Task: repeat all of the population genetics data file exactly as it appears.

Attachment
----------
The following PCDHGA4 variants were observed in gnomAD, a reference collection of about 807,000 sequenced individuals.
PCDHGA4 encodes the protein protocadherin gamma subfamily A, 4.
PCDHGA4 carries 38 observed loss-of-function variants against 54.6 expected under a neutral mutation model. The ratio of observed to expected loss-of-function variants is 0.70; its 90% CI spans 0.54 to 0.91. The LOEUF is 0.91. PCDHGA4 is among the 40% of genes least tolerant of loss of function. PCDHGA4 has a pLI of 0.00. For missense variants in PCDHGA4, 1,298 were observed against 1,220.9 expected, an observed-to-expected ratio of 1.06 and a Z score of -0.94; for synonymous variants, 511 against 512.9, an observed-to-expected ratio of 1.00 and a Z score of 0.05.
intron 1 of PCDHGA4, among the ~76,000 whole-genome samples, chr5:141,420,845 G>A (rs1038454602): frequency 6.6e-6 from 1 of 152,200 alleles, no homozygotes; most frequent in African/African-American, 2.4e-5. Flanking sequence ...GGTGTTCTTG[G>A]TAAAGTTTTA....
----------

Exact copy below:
The following PCDHGA4 variants were observed in gnomAD, a reference collection of about 807,000 sequenced individuals.
PCDHGA4 encodes the protein protocadherin gamma subfamily A, 4.
PCDHGA4 carries 38 observed loss-of-function variants against 54.6 expected under a neutral mutation model. The ratio of observed to expected loss-of-function variants is 0.70; its 90% CI spans 0.54 to 0.91. The LOEUF is 0.91. PCDHGA4 is among the 40% of genes least tolerant of loss of function. PCDHGA4 has a pLI of 0.00. For missense variants in PCDHGA4, 1,298 were observed against 1,220.9 expected, an observed-to-expected ratio of 1.06 and a Z score of -0.94; for synonymous variants, 511 against 512.9, an observed-to-expected ratio of 1.00 and a Z score of 0.05.
intron 1 of PCDHGA4, among the ~76,000 whole-genome samples, chr5:141,420,845 G>A (rs1038454602): frequency 6.6e-6 from 1 of 152,200 alleles, no homozygotes; most frequent in African/African-American, 2.4e-5. Flanking sequence ...GGTGTTCTTG[G>A]TAAAGTTTTA....